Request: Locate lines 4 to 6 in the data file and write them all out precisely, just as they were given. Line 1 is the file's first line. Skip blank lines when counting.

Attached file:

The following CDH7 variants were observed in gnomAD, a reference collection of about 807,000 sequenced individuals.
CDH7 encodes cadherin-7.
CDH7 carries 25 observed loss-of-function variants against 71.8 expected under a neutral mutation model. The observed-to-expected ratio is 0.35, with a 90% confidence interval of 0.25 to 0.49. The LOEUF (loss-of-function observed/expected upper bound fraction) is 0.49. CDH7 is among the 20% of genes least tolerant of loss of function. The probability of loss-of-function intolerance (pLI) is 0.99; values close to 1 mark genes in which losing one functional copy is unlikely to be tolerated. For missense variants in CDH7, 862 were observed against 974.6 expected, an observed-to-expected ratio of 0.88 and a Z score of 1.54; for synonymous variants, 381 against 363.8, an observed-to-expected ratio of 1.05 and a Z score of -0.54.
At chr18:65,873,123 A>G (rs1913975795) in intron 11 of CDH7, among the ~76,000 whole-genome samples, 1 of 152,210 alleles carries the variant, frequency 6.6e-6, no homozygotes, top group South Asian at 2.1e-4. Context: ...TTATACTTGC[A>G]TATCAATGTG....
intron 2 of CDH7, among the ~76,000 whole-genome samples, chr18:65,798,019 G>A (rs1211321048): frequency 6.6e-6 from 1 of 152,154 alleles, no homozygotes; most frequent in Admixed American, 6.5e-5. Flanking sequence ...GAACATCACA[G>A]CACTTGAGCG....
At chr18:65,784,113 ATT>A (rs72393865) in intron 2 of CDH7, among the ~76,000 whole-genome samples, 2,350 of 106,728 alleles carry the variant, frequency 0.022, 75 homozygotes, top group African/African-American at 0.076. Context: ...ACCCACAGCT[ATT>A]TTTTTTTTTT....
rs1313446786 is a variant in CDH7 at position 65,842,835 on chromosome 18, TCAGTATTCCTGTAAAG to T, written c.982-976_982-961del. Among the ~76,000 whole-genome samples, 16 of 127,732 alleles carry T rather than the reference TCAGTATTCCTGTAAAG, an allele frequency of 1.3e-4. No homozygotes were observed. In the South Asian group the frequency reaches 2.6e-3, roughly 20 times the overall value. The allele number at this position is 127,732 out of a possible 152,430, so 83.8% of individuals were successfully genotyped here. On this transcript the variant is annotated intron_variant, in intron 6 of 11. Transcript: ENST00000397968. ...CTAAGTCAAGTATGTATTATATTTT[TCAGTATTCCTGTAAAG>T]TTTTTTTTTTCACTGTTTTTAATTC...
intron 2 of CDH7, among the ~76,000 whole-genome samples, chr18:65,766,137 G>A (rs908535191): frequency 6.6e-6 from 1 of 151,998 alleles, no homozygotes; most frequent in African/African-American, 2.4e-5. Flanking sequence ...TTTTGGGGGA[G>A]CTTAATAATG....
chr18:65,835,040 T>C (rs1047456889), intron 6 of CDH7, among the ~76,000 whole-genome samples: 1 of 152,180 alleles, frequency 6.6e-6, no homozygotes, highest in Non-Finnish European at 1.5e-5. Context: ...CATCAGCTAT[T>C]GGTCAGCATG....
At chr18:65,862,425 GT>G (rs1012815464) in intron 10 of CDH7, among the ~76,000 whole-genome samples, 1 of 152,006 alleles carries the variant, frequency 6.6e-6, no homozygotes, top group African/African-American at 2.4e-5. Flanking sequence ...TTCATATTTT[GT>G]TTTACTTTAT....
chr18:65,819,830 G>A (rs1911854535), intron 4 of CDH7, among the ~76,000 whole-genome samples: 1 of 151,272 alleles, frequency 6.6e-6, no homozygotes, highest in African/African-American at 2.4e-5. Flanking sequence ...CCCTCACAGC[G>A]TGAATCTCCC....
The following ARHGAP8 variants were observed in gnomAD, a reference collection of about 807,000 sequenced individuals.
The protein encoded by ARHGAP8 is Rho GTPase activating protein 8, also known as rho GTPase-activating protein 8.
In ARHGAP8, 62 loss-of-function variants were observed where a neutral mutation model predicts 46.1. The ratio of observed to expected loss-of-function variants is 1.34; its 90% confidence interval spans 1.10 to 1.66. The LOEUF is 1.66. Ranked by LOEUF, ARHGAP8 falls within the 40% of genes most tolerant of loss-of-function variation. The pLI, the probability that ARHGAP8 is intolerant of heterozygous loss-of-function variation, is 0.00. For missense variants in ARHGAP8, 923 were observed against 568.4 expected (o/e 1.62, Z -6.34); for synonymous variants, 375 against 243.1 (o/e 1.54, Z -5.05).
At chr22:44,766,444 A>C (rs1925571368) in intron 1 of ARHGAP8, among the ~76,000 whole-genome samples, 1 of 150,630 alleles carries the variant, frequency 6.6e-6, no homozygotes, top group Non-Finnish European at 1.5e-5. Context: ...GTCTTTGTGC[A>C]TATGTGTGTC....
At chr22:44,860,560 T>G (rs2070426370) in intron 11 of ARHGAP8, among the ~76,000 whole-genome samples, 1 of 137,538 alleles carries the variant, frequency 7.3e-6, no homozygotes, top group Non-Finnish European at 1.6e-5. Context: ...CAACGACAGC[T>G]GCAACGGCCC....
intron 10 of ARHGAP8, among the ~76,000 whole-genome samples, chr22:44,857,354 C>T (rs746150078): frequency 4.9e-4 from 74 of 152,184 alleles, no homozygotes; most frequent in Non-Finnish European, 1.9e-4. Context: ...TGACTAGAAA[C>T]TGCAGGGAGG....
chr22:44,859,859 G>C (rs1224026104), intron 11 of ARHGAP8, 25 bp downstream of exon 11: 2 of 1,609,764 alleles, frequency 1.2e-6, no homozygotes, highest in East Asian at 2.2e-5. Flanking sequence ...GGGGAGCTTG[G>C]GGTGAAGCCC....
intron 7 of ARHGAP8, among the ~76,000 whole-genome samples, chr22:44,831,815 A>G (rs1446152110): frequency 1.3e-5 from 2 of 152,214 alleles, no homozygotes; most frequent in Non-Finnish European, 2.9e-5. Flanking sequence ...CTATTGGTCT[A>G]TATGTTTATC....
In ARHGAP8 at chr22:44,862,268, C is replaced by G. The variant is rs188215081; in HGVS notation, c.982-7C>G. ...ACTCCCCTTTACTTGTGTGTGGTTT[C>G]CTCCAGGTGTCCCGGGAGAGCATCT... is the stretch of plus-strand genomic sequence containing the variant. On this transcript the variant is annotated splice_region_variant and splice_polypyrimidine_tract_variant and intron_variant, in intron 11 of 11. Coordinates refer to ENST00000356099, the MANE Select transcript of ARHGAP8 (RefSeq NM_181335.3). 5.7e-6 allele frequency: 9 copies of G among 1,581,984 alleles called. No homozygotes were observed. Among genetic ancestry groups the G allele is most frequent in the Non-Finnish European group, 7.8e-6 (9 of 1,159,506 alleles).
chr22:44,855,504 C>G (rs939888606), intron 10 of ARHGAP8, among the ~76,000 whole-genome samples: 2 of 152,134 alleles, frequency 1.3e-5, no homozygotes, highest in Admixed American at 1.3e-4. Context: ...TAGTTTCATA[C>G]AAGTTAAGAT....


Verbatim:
At chr18:65,873,123 A>G (rs1913975795) in intron 11 of CDH7, among the ~76,000 whole-genome samples, 1 of 152,210 alleles carries the variant, frequency 6.6e-6, no homozygotes, top group South Asian at 2.1e-4. Context: ...TTATACTTGC[A>G]TATCAATGTG....
intron 2 of CDH7, among the ~76,000 whole-genome samples, chr18:65,798,019 G>A (rs1211321048): frequency 6.6e-6 from 1 of 152,154 alleles, no homozygotes; most frequent in Admixed American, 6.5e-5. Flanking sequence ...GAACATCACA[G>A]CACTTGAGCG....
At chr18:65,784,113 ATT>A (rs72393865) in intron 2 of CDH7, among the ~76,000 whole-genome samples, 2,350 of 106,728 alleles carry the variant, frequency 0.022, 75 homozygotes, top group African/African-American at 0.076. Context: ...ACCCACAGCT[ATT>A]TTTTTTTTTT....